Easter Vigil 2016


Opening of the Fifth Centenary of the birth of Saint Teresa of Jesus Sunday, October 12, 2014. Photos by P.C. Piazza

The climax of the Sacred Triduum began with the Easter Vigil of Holy Saturday at 11:00 PM. Fr. Michael Champagne, CJC was our celebrant and homilist. The blessing of the Easter Fire took place within the cloistered patio so that all could be present. With the solemn lighting of the Paschal candle, symbol of Christ who is the beginning and end of all things, and Dave Domingue beautifully proclaiming “Light of Christ,” the spell of anticipation was broken–the Mystery of the Resurrection was again present to us in the Liturgy.


Once in the Chapel our joy was proclaimed in the glorious chant of the Exultet. “O blessed fault that won for us so great a Redeemer! . . . To ransom a slave, you gave us your only Son!” The Solemn Liturgy continued with the reading of Genesis by our Sisters accompanied by the organ and flute, followed by the other readings. The burst of joy could no longer be contained as the Gloria was sung, the organ played triumphantly and the bells were chimed for all to know: “Christ is Risen!”


Fr. Champagne gave a magnificent Easter homily. “Why do you seek the living One among the dead? We have to get rid of all pessimism and replace this with the Easter hope of the Risen One.” Father explained how when we are young and have a long life ahead we always think about tomorrow, filled with excitement. But as we get older and experience life we tend to look “in the rear-view mirror” to the “good-ole-days” and fail to see the beauty and God’s blessings in the present. “For St. John of the Cross,” he noted, “hope lies in the memory.” We must use this “rear-view mirror” to see God’s bountiful goodness and graces poured upon us throughout our life and not┬árest in the negative. Fr. Champagne said that it can be hard to hope when we see the situation of the world today;┬áthe evil present is almost unimaginable. “But we must not seek the living among the dead: we cannot put our hope in politics, in laws, in this or in that . . . Our hope is in God.” “What will they do, kill God? They already did that . . . and He is risen, He lives.” He concluded that we must be a people of hope and witness to this to by our life of faith. This is what will change the world.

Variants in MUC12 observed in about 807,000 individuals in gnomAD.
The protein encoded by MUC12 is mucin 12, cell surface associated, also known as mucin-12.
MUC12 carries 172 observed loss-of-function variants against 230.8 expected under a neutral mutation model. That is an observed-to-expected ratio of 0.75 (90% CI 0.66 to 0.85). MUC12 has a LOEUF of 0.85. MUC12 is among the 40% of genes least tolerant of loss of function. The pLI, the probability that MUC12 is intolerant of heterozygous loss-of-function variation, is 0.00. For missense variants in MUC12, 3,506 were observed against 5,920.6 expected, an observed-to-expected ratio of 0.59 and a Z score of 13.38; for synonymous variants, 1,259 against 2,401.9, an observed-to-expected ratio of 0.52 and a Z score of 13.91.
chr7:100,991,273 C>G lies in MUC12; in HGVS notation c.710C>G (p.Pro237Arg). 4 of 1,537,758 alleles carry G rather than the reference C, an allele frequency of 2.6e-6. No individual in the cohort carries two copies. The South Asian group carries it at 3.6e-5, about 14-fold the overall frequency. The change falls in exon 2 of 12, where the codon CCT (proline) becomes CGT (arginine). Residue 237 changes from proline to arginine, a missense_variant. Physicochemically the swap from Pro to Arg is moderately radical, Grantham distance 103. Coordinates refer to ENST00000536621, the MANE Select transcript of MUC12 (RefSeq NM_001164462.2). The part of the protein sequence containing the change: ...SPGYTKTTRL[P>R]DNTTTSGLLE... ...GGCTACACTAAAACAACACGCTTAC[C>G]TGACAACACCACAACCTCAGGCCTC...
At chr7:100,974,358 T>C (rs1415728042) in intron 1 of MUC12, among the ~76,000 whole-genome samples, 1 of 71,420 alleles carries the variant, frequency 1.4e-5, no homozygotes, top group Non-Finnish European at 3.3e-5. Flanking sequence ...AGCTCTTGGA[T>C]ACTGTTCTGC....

Receiving the Risen Lord in Holy Communion, we each experienced Him calling us by name and revealing to us His Glory, just as He did to Mary at the tomb!


Monastery of Mary, Mother of Grace
Monastery of Mary, Mother of Grace Front View of the Monastery St. Michael the Archangel Receive our Prayer Chapel Tower Community Cemetery To our beloved Sisters who have gone before us. . . Sacred Heart Statue